Hormones are types of chemicals that are released into the body by glands. They carry messages to the cells to instruct them what to do. There are two types of hormones, ones that are dissolved in fats (known as lipids), and ones that are dissolved in water.
Fat-Soluble Hormone Characteristics
Fat soluble hormones are derived from cholesterol. The main class of these hormones are Steroids.
As they do not dissolve in water, they need a protein "carrier" to deliver their message. They are able to pass through the membrane of a cell directly, after which they bind to a protein molecule which allows them to carry the signal to the nucleus. These types of hormones tend to have a long half life.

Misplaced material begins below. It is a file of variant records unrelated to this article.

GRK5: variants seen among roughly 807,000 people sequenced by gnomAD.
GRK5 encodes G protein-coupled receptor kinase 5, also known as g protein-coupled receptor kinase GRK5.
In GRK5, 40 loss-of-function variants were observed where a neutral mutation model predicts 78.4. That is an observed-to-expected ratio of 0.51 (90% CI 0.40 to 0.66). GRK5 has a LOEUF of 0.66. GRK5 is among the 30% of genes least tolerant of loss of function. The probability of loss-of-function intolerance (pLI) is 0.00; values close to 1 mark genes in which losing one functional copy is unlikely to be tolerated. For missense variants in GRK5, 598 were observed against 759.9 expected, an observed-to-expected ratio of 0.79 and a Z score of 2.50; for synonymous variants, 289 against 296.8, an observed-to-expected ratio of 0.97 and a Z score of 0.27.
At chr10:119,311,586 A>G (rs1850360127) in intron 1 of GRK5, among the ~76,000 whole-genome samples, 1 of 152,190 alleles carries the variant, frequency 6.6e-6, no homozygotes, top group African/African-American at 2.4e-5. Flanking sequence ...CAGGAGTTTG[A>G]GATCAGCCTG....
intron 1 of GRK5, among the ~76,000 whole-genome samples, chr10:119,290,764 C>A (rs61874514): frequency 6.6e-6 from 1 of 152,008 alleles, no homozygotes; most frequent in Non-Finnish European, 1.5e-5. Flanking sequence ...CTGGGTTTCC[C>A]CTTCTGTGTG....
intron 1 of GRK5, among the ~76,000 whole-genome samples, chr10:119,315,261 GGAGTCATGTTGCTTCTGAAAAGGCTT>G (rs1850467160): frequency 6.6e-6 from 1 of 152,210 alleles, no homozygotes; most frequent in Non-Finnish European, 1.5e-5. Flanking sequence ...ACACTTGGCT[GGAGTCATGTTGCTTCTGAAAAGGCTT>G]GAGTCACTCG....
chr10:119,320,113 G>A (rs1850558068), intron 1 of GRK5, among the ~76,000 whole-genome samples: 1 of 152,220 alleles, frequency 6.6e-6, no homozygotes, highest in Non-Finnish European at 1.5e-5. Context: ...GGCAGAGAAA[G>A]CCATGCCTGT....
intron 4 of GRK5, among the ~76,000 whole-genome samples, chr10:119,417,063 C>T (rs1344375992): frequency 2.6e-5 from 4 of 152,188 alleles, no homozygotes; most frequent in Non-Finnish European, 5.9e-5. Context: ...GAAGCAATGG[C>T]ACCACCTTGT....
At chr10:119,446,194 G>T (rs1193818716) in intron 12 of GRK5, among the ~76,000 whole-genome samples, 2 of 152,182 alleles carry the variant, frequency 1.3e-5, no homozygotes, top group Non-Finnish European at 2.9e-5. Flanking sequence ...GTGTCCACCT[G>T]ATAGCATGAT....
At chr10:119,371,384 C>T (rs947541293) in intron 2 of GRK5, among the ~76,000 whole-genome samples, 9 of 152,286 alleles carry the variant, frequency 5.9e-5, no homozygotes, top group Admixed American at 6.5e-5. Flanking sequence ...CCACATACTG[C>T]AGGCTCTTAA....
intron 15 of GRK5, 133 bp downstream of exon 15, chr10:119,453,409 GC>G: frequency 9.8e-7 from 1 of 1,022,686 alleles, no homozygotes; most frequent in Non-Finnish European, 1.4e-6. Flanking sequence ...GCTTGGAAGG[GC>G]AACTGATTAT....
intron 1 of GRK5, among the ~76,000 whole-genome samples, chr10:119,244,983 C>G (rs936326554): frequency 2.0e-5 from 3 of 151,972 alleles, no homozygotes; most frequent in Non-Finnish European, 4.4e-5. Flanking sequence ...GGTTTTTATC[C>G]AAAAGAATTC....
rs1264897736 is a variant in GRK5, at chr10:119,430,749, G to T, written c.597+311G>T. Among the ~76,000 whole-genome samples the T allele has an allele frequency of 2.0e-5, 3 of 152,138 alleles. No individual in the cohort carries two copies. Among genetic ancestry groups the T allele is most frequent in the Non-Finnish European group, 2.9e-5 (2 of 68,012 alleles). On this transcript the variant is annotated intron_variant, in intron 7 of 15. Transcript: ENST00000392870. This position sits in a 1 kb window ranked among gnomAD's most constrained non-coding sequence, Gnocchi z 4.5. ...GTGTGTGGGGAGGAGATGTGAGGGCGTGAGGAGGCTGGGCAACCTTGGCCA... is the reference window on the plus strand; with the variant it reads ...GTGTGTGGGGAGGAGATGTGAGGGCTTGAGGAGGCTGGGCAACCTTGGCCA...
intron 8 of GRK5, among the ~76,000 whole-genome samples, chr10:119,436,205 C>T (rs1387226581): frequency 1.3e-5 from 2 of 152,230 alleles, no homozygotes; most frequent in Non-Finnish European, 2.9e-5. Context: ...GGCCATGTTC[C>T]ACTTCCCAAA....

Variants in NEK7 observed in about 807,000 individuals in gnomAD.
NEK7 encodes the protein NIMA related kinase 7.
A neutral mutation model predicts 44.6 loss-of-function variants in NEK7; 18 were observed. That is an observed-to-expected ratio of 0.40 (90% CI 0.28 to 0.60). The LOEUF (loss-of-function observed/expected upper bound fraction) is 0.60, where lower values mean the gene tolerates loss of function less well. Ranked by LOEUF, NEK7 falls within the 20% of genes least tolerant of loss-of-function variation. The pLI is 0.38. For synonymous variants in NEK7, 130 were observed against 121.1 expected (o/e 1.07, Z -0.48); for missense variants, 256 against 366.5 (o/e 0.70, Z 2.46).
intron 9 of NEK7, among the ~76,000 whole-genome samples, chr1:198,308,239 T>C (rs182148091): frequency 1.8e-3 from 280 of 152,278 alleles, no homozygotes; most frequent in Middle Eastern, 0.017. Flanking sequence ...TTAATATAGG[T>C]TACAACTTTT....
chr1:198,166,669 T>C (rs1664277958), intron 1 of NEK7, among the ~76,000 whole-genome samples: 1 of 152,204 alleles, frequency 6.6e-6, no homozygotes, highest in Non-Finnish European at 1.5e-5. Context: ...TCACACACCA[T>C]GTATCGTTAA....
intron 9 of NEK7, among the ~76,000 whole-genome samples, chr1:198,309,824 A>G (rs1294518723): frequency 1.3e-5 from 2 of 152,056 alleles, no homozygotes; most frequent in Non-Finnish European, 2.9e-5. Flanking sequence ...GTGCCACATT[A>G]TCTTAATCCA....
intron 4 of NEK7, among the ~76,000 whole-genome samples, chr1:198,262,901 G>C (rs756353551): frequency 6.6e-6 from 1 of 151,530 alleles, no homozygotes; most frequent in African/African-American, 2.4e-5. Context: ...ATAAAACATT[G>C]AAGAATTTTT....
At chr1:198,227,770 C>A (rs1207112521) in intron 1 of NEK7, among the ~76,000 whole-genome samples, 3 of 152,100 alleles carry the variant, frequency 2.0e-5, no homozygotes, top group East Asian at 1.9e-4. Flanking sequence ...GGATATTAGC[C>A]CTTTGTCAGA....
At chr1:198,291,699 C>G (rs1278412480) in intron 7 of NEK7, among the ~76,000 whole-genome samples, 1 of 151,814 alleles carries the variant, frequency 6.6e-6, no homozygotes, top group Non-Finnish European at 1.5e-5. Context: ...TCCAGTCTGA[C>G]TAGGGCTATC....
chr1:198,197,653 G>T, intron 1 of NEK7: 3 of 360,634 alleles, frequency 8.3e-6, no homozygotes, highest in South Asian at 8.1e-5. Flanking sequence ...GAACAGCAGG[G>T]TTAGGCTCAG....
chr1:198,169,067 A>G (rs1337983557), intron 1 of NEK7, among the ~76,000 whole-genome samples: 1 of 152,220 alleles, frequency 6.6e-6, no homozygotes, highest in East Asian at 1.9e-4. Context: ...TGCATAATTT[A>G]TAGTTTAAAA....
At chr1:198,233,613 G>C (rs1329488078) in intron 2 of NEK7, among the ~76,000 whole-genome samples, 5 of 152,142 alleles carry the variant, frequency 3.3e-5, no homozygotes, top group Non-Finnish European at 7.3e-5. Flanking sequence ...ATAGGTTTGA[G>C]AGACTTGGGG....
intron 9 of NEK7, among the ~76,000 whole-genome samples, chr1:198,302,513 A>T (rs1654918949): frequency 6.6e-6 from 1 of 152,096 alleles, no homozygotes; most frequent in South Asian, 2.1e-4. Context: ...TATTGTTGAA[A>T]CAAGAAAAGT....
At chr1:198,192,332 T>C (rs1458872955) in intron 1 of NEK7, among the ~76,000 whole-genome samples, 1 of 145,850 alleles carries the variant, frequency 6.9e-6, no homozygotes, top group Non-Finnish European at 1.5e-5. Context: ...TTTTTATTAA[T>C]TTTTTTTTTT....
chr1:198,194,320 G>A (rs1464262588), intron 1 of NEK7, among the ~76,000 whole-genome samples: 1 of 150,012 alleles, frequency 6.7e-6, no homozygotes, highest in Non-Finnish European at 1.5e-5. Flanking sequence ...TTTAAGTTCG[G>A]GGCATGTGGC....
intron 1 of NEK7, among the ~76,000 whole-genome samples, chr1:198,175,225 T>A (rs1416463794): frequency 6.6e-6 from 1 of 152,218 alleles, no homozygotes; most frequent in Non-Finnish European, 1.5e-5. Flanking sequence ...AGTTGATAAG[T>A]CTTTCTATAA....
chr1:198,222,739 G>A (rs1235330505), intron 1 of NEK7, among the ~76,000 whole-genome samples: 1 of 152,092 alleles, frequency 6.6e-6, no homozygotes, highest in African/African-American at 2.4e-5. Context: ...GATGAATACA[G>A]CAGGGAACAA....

Examples: testosterone, cortisol, fludrocortisone estrogen, progesterone, dihydrotestosterone.
Water-soluble hormones are derived from Amino Acids and are mostly Peptides. Unlike fat-soluble hormones, they cannot pass through the membrane into the cell, so they bind with protein receptors on the outside of the membrane and rely on a "second messenger" system. This changes the shape of the protein which activates with another protein inside the cell to transfer the message. They are excreted quickly through the kidneys, so have a short half-life.
(TRH), Vasopressin, Growth Hormone (Somatropin), Prolactin.